It is with great sadness that we inform you of the passing of Philip Albright, Chair of the Ambler Arboretum Advisory Committee and a decades-long dedicated supporter of Temple University Ambler and the Ambler Arboretum.
Funeral Services will be held privately by the family. Memorial donations to the Alzheimer's Association, www.alz.org, or any of the organizations mentioned in his obituary would be appreciated by the family.
Albright, who graduated from Temple with an Associate’s degree in Landscape Design, said it was a love of learning that initially brought him to Temple and he and his wife Barbara Albright’s love of the campus and its gardens that kept them coming back.
“I moved to the area in 1977. I had a job in Philadelphia and very soon learned about Temple. I was one of those strange people that liked going to school,” he said. “I had an interest in gardening dating back to World War II and the victory gardens planted at that time. My mother would garden year-round — inside and outside — so I was right at home at Temple Ambler. I took a course, was convinced into matriculating and did it all during nights and weekends. Eight years later I had my degree in Landscape Design.”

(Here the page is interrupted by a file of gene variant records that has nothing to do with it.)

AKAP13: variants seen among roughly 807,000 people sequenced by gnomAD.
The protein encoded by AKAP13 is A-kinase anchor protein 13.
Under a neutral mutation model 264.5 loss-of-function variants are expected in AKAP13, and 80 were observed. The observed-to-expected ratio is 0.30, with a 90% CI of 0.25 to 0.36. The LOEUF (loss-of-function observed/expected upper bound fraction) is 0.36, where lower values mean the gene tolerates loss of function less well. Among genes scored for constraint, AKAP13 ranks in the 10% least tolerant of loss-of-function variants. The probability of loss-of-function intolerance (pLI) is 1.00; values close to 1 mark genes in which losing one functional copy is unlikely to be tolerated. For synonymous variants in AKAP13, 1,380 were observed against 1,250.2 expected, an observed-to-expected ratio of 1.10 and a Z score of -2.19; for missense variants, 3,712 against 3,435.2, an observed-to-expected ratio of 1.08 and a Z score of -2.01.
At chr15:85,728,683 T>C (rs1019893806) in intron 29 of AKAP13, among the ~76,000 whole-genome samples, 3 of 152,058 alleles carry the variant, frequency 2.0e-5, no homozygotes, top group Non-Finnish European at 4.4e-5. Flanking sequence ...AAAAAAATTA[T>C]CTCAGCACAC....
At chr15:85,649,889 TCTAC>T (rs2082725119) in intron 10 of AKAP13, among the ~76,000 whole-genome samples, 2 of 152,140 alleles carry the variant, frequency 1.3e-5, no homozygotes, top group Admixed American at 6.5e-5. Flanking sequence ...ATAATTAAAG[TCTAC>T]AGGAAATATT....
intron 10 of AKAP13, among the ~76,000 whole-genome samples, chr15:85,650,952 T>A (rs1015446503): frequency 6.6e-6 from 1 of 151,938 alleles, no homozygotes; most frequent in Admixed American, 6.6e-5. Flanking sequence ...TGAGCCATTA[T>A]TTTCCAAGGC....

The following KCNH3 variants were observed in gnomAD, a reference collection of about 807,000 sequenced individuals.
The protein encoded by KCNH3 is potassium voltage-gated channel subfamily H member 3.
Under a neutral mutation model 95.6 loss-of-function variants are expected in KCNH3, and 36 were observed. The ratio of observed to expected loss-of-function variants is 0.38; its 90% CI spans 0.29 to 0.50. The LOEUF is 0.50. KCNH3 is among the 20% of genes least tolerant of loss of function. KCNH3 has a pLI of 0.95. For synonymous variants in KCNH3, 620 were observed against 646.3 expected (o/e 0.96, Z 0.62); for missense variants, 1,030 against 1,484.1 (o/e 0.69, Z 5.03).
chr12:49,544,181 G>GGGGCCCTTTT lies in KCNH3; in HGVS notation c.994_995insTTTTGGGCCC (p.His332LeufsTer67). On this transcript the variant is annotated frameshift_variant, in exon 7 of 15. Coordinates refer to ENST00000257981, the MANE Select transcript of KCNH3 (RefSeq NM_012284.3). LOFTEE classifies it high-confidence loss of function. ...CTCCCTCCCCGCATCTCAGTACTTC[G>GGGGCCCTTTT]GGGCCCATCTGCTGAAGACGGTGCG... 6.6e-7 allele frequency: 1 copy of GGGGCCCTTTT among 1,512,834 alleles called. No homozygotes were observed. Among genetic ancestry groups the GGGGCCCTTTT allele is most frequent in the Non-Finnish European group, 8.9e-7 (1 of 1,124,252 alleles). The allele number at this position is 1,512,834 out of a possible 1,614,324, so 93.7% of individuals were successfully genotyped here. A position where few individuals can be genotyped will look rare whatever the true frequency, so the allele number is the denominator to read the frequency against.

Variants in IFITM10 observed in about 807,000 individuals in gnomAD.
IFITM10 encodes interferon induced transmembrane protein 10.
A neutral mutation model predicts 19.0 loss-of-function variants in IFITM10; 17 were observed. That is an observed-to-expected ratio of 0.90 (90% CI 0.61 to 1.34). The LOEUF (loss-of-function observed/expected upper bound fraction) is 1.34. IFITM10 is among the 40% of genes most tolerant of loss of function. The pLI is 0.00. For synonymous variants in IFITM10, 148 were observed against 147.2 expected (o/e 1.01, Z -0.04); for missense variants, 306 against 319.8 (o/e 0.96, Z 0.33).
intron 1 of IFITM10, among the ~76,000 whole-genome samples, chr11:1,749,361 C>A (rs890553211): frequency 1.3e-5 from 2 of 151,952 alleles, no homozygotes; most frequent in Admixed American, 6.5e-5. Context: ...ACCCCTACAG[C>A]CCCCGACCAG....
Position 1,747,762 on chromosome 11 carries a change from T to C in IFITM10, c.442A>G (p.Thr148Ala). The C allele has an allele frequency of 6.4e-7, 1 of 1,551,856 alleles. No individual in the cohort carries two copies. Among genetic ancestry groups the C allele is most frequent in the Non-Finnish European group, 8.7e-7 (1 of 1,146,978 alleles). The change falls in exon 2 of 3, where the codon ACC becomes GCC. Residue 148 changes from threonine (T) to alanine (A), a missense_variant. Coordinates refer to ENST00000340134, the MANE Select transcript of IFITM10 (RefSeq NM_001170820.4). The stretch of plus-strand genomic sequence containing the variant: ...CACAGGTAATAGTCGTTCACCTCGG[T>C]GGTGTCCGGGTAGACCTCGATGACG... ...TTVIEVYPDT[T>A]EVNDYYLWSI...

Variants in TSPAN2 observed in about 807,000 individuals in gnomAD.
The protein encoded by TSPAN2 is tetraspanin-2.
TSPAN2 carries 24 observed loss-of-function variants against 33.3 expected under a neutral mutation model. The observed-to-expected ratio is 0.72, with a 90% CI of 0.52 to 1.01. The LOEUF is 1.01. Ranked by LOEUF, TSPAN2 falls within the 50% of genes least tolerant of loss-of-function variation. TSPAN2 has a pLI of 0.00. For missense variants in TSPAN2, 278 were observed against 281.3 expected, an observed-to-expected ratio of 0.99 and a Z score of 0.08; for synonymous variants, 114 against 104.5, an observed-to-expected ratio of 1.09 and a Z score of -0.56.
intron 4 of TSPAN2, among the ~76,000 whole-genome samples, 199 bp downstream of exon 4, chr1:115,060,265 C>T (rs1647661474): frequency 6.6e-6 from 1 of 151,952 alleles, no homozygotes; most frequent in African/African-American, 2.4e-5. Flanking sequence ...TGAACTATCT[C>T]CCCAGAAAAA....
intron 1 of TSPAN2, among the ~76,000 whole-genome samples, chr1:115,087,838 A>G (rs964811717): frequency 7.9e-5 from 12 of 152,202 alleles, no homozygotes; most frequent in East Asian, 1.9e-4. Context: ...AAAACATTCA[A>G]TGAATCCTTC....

With a degree in Civil Engineering from Stanford already in hand and allegedly moving toward retirement — his tireless efforts in communities throughout the region would seem to reflect otherwise — “I felt that if I could complete the two-year degree in Landscape Design, there was no four-year degree then, I’d make a half-baked landscape architect.”
Albright, a Blue Bell resident, had every intention of involving himself in design work during his retirement. Of course, even the best plans don’t always work out as expected.
“All of my outside activities took up most of my time,” he said. “I’m not one to sit still for very long. I enjoy getting things done.”
Albright’s idea of “getting things done” was to involve himself in countless community organizations and charities, selflessly giving his time to brighten the lives of others and enhance the community in general. Temple University Ambler has been front and center as a more than appreciative benefactor of his efforts.